There are multiples potential causes, from diseases such as cancer to mental ill health, physical disability, isolation or lack of support. Unfortunately, the vast majority of malnutrition goes undiagnosed and is not picked up until someone enters to care system or is admitted to hospital, and even then, that is not guaranteed. It is estimated that 96% of malnutrition cases are in the community.

COVID-19 illustrated what the government could do to address malnutrition (and food insecurity, see below) with The Local Authority Emergency Assistance Grant for Food and Essential Supplies and Coronavirus Community Support Fund. We need this sort of investment to continue, to reverse the demise of services that support people to eat such as Meals on Wheels, where recent analysis showed half of councils no longer provided[ii]. We also need further investment in integrated, dietetic led community services which can identify and support people at risk of malnutrition[iii].

We recommend:

  • Investing in health and social care services to ensure that everyone is screened for malnutrition in the community, in care homes and in hospital. This will involve in particular investment in staff training.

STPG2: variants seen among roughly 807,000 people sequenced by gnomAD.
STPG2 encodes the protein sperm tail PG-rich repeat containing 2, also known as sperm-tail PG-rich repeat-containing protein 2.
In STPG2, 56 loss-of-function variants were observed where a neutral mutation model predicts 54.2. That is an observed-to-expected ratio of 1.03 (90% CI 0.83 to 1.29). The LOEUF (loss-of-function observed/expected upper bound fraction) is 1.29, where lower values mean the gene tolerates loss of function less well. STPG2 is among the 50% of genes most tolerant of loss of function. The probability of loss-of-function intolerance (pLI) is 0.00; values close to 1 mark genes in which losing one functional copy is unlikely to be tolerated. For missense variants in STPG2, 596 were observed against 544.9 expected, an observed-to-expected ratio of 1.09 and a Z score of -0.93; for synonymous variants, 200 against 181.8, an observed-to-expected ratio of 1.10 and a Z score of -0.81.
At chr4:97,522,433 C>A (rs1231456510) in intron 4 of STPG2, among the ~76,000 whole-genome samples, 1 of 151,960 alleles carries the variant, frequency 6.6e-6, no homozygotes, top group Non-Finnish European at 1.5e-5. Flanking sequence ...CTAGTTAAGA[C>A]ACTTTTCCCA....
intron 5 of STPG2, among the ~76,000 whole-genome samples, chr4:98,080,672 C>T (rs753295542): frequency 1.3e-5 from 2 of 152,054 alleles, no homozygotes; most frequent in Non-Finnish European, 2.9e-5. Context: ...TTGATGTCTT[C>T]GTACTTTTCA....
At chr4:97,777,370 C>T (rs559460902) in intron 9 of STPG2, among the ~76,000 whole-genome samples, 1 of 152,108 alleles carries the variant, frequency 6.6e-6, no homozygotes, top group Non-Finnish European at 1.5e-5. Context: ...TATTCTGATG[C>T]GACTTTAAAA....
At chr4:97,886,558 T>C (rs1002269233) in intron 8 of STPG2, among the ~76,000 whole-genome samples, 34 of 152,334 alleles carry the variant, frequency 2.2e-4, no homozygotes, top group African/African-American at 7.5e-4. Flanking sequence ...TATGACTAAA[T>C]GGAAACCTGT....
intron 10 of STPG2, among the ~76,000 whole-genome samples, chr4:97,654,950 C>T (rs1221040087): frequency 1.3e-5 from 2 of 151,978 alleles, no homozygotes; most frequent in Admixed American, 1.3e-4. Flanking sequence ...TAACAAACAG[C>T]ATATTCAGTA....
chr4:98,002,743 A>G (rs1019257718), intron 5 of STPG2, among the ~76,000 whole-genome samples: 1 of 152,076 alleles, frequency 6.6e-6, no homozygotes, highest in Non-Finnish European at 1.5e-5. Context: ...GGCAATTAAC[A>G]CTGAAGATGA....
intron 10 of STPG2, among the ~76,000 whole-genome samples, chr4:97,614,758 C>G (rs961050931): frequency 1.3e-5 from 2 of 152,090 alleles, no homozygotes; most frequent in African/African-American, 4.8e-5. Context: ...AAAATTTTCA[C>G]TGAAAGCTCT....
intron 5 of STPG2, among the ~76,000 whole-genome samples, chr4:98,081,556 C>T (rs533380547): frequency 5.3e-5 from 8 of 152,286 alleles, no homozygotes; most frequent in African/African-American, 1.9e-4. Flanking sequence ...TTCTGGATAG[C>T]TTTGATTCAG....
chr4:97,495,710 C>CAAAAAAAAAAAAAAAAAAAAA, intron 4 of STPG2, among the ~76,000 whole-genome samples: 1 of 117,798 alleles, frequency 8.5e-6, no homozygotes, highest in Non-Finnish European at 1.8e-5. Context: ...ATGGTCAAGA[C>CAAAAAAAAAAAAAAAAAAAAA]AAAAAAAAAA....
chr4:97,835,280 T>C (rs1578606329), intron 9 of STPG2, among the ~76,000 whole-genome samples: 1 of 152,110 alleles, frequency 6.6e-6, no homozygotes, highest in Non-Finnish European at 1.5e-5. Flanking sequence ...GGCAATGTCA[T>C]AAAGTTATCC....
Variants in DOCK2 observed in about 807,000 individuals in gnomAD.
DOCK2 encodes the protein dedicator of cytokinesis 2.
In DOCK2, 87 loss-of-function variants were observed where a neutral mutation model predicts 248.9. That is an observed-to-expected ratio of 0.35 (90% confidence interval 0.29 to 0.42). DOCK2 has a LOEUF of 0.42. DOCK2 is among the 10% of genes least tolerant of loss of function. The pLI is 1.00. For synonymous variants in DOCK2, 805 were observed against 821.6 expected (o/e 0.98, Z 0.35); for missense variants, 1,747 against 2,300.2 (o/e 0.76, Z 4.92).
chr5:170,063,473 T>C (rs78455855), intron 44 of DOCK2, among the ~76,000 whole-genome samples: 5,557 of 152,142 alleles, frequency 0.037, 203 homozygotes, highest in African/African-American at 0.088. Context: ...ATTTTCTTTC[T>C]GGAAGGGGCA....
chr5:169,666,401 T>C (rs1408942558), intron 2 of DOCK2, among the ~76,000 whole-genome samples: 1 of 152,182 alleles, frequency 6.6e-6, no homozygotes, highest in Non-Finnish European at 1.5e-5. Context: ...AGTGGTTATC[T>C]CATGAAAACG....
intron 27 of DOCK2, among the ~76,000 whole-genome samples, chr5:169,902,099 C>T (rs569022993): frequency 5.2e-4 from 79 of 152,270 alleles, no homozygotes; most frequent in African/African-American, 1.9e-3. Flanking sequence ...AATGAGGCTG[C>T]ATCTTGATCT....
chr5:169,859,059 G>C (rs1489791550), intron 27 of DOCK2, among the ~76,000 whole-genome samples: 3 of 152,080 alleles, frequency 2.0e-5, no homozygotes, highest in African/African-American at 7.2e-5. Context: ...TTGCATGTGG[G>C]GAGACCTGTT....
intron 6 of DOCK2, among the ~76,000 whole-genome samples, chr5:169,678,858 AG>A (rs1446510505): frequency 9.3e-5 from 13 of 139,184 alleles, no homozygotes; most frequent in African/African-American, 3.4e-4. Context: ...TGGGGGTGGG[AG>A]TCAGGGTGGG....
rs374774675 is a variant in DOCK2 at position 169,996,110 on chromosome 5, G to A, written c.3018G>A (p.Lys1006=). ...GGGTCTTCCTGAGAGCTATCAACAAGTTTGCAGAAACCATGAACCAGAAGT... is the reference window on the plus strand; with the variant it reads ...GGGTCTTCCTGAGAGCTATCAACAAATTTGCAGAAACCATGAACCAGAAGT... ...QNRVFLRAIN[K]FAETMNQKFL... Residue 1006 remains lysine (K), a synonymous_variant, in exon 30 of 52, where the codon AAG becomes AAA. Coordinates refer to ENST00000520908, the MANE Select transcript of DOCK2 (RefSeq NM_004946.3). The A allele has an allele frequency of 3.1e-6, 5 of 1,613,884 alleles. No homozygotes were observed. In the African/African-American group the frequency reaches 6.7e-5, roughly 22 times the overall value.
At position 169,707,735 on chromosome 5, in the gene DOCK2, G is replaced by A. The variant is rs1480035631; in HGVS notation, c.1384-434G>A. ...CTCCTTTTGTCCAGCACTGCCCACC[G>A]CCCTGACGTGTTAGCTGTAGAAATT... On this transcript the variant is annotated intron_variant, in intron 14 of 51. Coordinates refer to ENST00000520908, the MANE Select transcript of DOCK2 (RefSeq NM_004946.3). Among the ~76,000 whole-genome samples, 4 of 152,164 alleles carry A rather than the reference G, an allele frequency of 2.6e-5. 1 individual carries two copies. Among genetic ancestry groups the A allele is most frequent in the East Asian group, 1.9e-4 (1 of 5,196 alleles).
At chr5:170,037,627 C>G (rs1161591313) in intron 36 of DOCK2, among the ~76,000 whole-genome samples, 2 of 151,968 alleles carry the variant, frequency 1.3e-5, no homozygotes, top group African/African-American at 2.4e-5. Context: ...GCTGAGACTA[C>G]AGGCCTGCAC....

• Invest in community dietetic and nutrition teams as part of an integrated approach to identifying and supporting the vast majority of people at risk of malnutrition living in the community.
  • Providing funding to reverse cuts to community food services such as Meals and Wheels. This can in part be addressed by plugging the significant gap in public health funding mentioned above.
Malnutrition incurs significant costs to public services, lengthening hospital stays, increasing risk of falls and placing additional strain on the care sector. COVID-19 will have made malnutrition worse, and individuals and the country as a whole will be slower to recover if they are not getting the nutrition and hydration that they need.